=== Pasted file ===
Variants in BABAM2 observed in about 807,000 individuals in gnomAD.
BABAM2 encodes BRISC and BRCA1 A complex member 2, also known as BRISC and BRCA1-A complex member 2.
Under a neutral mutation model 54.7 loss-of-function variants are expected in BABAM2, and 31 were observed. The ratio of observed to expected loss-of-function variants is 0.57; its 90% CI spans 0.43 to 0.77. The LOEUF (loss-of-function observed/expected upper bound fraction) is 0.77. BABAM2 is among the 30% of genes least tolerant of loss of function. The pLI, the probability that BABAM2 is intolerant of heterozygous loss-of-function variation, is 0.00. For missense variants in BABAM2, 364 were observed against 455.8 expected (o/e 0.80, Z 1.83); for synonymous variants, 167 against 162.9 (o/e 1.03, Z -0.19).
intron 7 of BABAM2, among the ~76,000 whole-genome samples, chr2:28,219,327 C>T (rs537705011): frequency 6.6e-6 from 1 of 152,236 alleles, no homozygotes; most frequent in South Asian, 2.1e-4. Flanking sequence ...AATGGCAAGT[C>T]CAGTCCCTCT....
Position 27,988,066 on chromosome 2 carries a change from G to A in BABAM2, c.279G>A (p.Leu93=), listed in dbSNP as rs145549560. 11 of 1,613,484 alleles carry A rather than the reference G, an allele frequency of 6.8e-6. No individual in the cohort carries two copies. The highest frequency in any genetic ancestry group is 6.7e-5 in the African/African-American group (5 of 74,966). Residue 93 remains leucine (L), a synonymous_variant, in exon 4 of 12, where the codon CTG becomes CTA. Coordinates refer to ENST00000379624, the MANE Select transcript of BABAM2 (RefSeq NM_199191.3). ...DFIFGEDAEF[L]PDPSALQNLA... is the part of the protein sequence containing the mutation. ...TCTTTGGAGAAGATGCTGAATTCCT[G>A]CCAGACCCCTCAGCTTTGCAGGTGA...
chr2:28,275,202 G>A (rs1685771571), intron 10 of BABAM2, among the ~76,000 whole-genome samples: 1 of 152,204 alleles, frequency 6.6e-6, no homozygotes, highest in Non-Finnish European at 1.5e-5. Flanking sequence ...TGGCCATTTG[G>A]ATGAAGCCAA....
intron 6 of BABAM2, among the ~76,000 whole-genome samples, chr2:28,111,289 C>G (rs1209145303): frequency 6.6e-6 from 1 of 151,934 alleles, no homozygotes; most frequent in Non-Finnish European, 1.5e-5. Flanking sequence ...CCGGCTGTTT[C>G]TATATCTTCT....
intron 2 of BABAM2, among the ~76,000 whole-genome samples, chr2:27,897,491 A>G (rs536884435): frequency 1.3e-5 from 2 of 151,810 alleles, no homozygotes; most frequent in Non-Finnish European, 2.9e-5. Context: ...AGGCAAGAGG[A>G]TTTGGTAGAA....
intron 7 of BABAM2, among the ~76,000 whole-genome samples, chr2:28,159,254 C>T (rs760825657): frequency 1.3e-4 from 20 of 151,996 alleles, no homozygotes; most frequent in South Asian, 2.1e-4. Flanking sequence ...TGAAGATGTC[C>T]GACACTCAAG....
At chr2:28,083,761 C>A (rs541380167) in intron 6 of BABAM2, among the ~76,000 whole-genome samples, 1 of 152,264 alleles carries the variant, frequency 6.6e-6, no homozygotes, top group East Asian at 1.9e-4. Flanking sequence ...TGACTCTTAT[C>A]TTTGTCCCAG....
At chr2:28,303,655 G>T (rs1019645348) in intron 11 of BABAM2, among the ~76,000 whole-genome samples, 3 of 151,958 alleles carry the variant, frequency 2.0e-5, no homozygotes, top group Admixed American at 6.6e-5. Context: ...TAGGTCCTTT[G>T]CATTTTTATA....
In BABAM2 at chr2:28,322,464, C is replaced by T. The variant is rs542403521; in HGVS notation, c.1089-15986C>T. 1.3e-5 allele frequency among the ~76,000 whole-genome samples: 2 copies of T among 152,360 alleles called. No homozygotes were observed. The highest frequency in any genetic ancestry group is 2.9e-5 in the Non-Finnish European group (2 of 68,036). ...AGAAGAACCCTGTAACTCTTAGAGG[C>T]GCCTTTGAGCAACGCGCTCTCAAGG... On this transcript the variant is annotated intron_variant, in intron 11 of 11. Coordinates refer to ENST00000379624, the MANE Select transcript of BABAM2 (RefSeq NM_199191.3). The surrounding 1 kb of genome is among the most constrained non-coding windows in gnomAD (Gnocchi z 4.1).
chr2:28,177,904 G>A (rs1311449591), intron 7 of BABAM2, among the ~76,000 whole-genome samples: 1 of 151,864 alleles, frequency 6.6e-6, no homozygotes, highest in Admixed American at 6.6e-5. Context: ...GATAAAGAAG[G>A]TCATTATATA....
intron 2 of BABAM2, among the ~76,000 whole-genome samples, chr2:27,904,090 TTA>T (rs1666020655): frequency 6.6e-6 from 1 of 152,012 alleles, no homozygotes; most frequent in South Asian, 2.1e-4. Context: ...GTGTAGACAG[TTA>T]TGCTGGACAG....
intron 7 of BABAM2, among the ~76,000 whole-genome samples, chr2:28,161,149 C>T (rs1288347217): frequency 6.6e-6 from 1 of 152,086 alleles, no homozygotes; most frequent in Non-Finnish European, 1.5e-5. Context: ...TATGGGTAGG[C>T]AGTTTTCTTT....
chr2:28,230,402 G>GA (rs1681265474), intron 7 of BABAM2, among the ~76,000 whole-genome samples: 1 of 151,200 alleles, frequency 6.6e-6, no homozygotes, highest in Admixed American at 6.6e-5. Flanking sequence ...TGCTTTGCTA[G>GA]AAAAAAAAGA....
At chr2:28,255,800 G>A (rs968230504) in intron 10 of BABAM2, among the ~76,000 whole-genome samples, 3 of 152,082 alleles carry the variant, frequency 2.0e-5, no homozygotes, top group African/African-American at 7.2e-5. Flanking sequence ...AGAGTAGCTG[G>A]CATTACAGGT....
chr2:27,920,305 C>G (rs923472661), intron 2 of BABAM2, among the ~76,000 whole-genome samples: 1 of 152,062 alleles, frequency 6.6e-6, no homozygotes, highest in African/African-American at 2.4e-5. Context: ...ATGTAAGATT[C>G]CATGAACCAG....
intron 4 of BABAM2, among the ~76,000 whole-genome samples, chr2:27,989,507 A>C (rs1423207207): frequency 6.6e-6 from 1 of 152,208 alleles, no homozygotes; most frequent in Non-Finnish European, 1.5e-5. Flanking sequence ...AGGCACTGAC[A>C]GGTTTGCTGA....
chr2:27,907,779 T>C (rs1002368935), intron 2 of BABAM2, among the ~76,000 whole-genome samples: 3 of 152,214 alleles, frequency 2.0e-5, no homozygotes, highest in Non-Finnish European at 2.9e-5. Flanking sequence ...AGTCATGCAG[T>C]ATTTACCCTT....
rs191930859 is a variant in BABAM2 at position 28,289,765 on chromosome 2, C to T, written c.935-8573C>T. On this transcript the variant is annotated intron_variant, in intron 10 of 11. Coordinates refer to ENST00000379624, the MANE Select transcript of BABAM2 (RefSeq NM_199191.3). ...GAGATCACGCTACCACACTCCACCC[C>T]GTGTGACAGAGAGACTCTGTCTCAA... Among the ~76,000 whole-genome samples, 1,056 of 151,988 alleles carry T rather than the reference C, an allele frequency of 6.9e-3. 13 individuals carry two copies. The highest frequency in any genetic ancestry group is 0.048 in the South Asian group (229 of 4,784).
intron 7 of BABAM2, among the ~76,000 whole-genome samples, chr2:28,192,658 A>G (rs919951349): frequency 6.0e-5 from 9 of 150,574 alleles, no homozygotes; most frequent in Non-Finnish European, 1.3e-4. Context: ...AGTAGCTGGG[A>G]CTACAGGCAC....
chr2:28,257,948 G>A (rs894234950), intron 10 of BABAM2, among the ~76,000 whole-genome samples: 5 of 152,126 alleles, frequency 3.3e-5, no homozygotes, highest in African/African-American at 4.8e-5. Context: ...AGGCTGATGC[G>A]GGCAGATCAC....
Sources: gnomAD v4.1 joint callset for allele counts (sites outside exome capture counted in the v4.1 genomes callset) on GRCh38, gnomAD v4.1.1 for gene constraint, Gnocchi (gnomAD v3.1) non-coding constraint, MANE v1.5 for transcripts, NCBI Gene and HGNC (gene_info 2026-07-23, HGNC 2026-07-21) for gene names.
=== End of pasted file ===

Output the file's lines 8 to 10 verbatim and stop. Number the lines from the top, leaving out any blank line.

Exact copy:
intron 2 of BABAM2, among the ~76,000 whole-genome samples, chr2:27,897,491 A>G (rs536884435): frequency 1.3e-5 from 2 of 151,810 alleles, no homozygotes; most frequent in Non-Finnish European, 2.9e-5. Context: ...AGGCAAGAGG[A>G]TTTGGTAGAA....
intron 7 of BABAM2, among the ~76,000 whole-genome samples, chr2:28,159,254 C>T (rs760825657): frequency 1.3e-4 from 20 of 151,996 alleles, no homozygotes; most frequent in South Asian, 2.1e-4. Flanking sequence ...TGAAGATGTC[C>T]GACACTCAAG....
At chr2:28,083,761 C>A (rs541380167) in intron 6 of BABAM2, among the ~76,000 whole-genome samples, 1 of 152,264 alleles carries the variant, frequency 6.6e-6, no homozygotes, top group East Asian at 1.9e-4. Flanking sequence ...TGACTCTTAT[C>A]TTTGTCCCAG....